FDA appears to soften stance on hydroxychloroquine after Trump says he takes malaria drug
The U.S. Food and Drug Administration said Tuesday that taking hydroxychloroquine is "ultimately" a choice between patients and their health-care providers, appearing to soften its earlier advisory against taking the anti-malaria drug outside of a hospital.
"The decision to take any drug is ultimately a decision between a patient and their doctor," FDA Commissioner Dr. Stephen Hahn said in a statement to CNBC. "Hydroxychloroquine and chloroquine are already FDA-approved for treating malaria, lupus, and rheumatoid arthritis."
The comments came a day after President Donald Trump said he has been taking hydroxychloroquine daily for over a week to prevent infection from the coronavirus. He said he asked his White House physician about the drug. "I asked him, 'What do you think?' He said, 'Well, if you'd like it.' I said, 'Yeah, I'd like it. I'd like to take it.'"
However, in a warning issued last month, the FDA advised consumers against taking drugs chloroquine and hydroxychloroquine for Covid-19 outside a hospital or formal clinical trial due to the risk of "serious heart rhythm problems."
"Hydroxychloroquine and chloroquine can cause abnormal heart rhythms such as QT interval prolongation and a dangerously rapid heart rate called ventricular tachycardia," the agency wrote in the notice. "We will continue to investigate risks associated with the use of hydroxychloroquine and chloroquine for COVID-19 and communicate publicly when we have more information."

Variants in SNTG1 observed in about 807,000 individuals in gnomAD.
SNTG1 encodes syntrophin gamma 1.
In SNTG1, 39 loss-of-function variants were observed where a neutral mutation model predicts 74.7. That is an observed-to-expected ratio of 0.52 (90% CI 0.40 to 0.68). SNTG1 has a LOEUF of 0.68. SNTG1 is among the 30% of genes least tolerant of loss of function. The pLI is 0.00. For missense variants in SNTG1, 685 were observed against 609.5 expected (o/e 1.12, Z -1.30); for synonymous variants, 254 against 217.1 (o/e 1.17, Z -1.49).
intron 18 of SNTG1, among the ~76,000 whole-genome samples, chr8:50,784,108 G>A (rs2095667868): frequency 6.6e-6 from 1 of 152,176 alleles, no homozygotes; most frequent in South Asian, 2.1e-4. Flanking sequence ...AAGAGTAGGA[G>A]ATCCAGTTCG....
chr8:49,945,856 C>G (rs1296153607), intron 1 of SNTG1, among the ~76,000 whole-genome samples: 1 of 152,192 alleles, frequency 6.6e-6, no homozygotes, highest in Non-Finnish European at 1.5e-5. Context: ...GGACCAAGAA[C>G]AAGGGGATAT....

If a health-care professional is considering use of hydroxychloroquine for Covid-19, they should check for a suitable clinical trial and consider enrolling the patient, the FDA said at the time.
Hydroxychloroquine, which has been repeatedly touted by Trump as a potential game-changer in fighting the coronavirus, is also often used by doctors to treat rheumatoid arthritis and lupus. Numerous clinical trials are looking to see if it's effective in fighting the coronavirus, but it has not been formally approved for Covid-19.
Even though it hasn't been approved to treat coronavirus, doctors can give the drug to patients in a common and legal practice known as "off-label" prescribing. "Off label" means the drug is being used for an ailment not yet approved by the FDA.
Earlier Tuesday, Vice President Mike Pence said he was not taking the drug, unlike Trump.
White House physician Dr. Sean Conley released a memo Monday evening, which said that after discussing evidence for and against hydroxychloroquine with Trump, they concluded "the potential benefit from treatment outweighed the relative risks."
Trump said that he is also taking zinc, and that he has taken an initial dose of azithromycin, or Z-Pak.
He said that if the drug wasn't good he'd "tell you." He said he's gotten "a lot of tremendously positive news on the hydroxy, and I say hey — you know the expression I've used, John? What do you have to lose?"
"I'm not going to get hurt by it. It's been around for 40 years," he said. "For malaria, for lupus, for other things. I take it. Front-line workers take it. A lot of doctors take it ... I take it."
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